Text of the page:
One could say that this production of The Velveteen Rabbit ballet has been in the making since I was five years old. But it officially began in 1999 when Bengt Jörgen asked me to create a ballet for his company Canada’s Ballet Jörgen. The Velveteen Rabbit was the first story that came to mind. I pulled my old stuffed bunny out of its keepsake drawer and asked the Ballet Jörgen prop builder to build a life sized version. I then worked for months choreographing the ballet and was able to see the stuffed rabbit come to life on stage.
Last year, Bengt asked me to remount The Velveteen Rabbit. It has been an extraordinary gift to come back and reshape a work fifteen years after I first created it. I bring to the new production a wealth of experience and knowledge that my younger self did not have. I am now a mother of two boys and the eldest is almost five, which is the same age as the character of the boy in the ballet. When I explained to Daniel, who plays the little boy, how he should throw his housecoat in the air and gleefully run away, I smiled because I had just experienced a similar scene that morning as I was getting my son ready for school.
The new production has more of a theatrical feel. I have been telling stories through dance over the past 15 years, and I have learned a thing or two. All the characters now have clearly defined back stories and plot dilemmas they are trying to resolve. I worked to create a relationship triad between the Nanny, the Velveteen toy and the young boy that speaks to the power of love as a transformational force. The Nanny gives the Velveteen Rabbit to the boy so he has something to hug when he is lonely. It is the Nanny’s love for the boy as realized through the Velveteen Rabbit that helps the boy’s heart grow bigger. He learns compassion for others and that the world is not all about him. The more the boy’s heart grows the more he is able to love the Velveteen Rabbit. His love starts to make the toy real. The more real the toy becomes in the boy’s eyes, the more the boy’s heart grows helping to make his toy even more real. The transformation that occurs in the boy and the Velveteen Rabbit is something they have to do together. Together they learn that becoming real can hurt because is involves having a heart big enough to take in both the joys and sorrows of life. It is the growth in the boy’s ability to care for and love another that ultimately conjures up the toy fairy who turns the Velveteen Rabbit into a real bunny.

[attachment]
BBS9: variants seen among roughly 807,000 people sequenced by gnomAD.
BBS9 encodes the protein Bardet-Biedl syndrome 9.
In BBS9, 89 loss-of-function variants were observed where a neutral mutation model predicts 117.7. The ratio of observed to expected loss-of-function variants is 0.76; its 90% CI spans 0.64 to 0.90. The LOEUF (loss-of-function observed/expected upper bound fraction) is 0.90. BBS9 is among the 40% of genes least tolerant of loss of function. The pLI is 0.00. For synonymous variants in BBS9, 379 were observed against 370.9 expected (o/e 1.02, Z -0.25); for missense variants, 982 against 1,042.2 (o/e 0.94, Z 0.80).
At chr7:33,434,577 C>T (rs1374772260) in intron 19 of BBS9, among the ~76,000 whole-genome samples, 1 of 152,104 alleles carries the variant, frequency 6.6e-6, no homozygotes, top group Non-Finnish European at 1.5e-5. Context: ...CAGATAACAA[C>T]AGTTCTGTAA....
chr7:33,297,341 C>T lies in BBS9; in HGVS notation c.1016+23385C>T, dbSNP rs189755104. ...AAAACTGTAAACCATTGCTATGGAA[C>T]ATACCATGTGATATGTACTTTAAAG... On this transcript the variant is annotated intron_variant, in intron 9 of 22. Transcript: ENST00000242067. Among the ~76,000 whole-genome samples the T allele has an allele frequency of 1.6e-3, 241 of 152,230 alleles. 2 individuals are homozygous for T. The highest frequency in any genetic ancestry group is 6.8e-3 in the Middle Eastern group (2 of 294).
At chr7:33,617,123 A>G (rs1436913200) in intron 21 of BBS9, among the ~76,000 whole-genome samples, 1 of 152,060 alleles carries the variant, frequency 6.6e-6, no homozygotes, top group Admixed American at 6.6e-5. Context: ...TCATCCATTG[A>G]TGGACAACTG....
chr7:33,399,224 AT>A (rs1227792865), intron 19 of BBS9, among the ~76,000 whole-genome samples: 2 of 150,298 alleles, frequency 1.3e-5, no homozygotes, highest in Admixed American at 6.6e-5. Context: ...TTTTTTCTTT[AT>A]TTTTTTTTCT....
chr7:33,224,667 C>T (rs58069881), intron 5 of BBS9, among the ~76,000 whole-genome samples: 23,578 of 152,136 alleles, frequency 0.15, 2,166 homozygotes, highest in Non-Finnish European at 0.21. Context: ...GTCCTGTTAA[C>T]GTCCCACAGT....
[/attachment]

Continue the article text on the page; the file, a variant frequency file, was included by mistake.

Yes, I know that is a whole lot of depth for a ballet created for children! But I believe that kids have more emotional depth than we often give them credit for. They might not be able to name the concepts portrayed, but it is my hope that the story of becoming “real” in one’s heart will live in their hearts. They may actually understand the story better than us adults because the magic of toys becoming real is something they know to be true.
Canada’s Ballet Jörgen presents
The Velveteen Rabbit
A story ballet for all ages choreographed by Kathleen Rea
In Toronto for two days only
October 4, 2014 – 4pm
October 5, 2014 – 2pm
Betty Oliphant Theatre, 404 Jarvis St., Toronto, Ontario, M4Y 2G6
Tickets: $16 to $32
To purchase tickets please visit https://ww2.ticketpro.ca/jorgen2014.php?aff=krn&languageid=-1
or call toll free at 1-888-655-9090
Growing up, The Velveteen Rabbit was my favourite story. I think as a young child I understood that becoming “real” is a sort of magic that can happen to all of us when we truly engage in life. I even had my own stuffed velveteen rabbit that I “loved” into being real. Years later when Bengt Jorgen invited me to create a children’s ballet on his company, The Velveteen Rabbit was the first story that came to mind. I asked my costume designer to use my old toy as a model for the lead dancer’s costume…and so my childhood toy did actually come to life! As a mother of two young boys, I am excited to create a ballet version of my favorite story that my boys can enjoy and learn from.